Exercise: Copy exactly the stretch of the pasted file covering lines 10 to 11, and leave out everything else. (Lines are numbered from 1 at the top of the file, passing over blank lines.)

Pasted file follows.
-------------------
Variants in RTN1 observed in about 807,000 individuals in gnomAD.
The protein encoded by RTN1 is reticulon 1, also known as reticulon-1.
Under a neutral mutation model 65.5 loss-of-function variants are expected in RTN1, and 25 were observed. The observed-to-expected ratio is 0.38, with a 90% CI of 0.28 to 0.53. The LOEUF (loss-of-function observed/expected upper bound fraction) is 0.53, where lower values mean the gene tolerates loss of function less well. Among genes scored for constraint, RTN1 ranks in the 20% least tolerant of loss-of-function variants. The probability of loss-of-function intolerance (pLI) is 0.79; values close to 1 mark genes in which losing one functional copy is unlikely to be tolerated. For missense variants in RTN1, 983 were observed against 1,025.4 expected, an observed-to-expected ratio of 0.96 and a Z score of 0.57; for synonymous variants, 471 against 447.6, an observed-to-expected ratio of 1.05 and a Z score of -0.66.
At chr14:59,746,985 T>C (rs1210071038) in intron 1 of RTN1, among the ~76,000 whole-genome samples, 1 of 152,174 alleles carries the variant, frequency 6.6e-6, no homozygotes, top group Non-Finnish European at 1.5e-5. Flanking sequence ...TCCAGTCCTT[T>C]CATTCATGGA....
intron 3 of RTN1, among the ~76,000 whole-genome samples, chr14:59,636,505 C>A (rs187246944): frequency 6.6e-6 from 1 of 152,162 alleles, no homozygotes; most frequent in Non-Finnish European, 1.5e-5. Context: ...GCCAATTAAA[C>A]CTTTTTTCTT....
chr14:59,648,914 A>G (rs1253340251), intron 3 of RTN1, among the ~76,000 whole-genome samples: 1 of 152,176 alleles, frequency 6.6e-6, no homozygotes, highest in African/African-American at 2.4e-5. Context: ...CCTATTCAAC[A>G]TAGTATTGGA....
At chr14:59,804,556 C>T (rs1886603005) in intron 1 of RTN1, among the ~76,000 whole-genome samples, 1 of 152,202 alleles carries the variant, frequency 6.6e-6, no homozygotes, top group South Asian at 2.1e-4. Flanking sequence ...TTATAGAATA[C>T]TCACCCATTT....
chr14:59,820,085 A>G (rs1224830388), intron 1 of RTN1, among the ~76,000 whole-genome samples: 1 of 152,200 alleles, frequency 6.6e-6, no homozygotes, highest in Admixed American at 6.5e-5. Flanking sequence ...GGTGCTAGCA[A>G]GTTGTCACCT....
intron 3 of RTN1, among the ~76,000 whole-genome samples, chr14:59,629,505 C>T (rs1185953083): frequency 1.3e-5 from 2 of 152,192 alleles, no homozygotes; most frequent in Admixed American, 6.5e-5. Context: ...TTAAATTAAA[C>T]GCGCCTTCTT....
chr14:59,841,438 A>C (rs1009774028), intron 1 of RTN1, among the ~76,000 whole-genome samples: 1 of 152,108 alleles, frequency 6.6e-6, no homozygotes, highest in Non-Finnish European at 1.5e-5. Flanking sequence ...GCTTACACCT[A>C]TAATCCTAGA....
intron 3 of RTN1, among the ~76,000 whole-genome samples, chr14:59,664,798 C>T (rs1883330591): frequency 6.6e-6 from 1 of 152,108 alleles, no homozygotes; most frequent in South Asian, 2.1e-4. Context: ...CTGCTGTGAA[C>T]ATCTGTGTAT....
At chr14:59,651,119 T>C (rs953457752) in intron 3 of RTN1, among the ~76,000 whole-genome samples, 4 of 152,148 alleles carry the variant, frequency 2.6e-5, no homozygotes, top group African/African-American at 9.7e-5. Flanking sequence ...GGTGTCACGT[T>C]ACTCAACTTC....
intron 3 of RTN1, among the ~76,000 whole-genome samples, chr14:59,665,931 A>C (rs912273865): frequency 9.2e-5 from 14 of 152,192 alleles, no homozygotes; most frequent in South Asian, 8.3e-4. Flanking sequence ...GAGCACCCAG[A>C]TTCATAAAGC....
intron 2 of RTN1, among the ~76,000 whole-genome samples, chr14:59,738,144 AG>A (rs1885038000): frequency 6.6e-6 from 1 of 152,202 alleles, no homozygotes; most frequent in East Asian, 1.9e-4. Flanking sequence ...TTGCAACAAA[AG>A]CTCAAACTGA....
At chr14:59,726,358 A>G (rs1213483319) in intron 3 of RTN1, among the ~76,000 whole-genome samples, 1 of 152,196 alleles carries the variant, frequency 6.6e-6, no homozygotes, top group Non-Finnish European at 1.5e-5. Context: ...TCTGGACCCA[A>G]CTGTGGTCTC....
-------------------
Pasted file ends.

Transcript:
chr14:59,841,438 A>C (rs1009774028), intron 1 of RTN1, among the ~76,000 whole-genome samples: 1 of 152,108 alleles, frequency 6.6e-6, no homozygotes, highest in Non-Finnish European at 1.5e-5. Flanking sequence ...GCTTACACCT[A>C]TAATCCTAGA....
intron 3 of RTN1, among the ~76,000 whole-genome samples, chr14:59,664,798 C>T (rs1883330591): frequency 6.6e-6 from 1 of 152,108 alleles, no homozygotes; most frequent in South Asian, 2.1e-4. Context: ...CTGCTGTGAA[C>T]ATCTGTGTAT....